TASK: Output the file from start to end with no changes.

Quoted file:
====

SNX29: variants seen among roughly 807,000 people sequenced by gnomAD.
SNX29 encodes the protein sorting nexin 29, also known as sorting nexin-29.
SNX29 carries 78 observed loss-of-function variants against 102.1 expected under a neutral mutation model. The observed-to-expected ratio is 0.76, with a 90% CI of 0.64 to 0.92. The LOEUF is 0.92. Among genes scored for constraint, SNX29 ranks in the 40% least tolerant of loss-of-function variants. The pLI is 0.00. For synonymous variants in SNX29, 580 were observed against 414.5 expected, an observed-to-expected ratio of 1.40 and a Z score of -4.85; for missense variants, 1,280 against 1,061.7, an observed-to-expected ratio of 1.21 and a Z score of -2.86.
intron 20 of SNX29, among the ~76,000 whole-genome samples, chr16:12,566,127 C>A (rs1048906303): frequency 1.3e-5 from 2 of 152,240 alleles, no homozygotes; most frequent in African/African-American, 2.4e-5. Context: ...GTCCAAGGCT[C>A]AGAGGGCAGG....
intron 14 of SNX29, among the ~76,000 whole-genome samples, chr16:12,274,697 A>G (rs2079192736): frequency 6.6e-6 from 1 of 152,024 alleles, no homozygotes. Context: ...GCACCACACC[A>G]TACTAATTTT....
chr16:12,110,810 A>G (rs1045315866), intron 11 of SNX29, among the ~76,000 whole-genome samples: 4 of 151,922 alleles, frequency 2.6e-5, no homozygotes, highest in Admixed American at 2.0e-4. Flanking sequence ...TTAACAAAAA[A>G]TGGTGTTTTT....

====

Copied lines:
SNX29: variants seen among roughly 807,000 people sequenced by gnomAD.
SNX29 encodes the protein sorting nexin 29, also known as sorting nexin-29.
SNX29 carries 78 observed loss-of-function variants against 102.1 expected under a neutral mutation model. The observed-to-expected ratio is 0.76, with a 90% CI of 0.64 to 0.92. The LOEUF is 0.92. Among genes scored for constraint, SNX29 ranks in the 40% least tolerant of loss-of-function variants. The pLI is 0.00. For synonymous variants in SNX29, 580 were observed against 414.5 expected, an observed-to-expected ratio of 1.40 and a Z score of -4.85; for missense variants, 1,280 against 1,061.7, an observed-to-expected ratio of 1.21 and a Z score of -2.86.
intron 20 of SNX29, among the ~76,000 whole-genome samples, chr16:12,566,127 C>A (rs1048906303): frequency 1.3e-5 from 2 of 152,240 alleles, no homozygotes; most frequent in African/African-American, 2.4e-5. Context: ...GTCCAAGGCT[C>A]AGAGGGCAGG....
intron 14 of SNX29, among the ~76,000 whole-genome samples, chr16:12,274,697 A>G (rs2079192736): frequency 6.6e-6 from 1 of 152,024 alleles, no homozygotes. Context: ...GCACCACACC[A>G]TACTAATTTT....
chr16:12,110,810 A>G (rs1045315866), intron 11 of SNX29, among the ~76,000 whole-genome samples: 4 of 151,922 alleles, frequency 2.6e-5, no homozygotes, highest in Admixed American at 2.0e-4. Flanking sequence ...TTAACAAAAA[A>G]TGGTGTTTTT....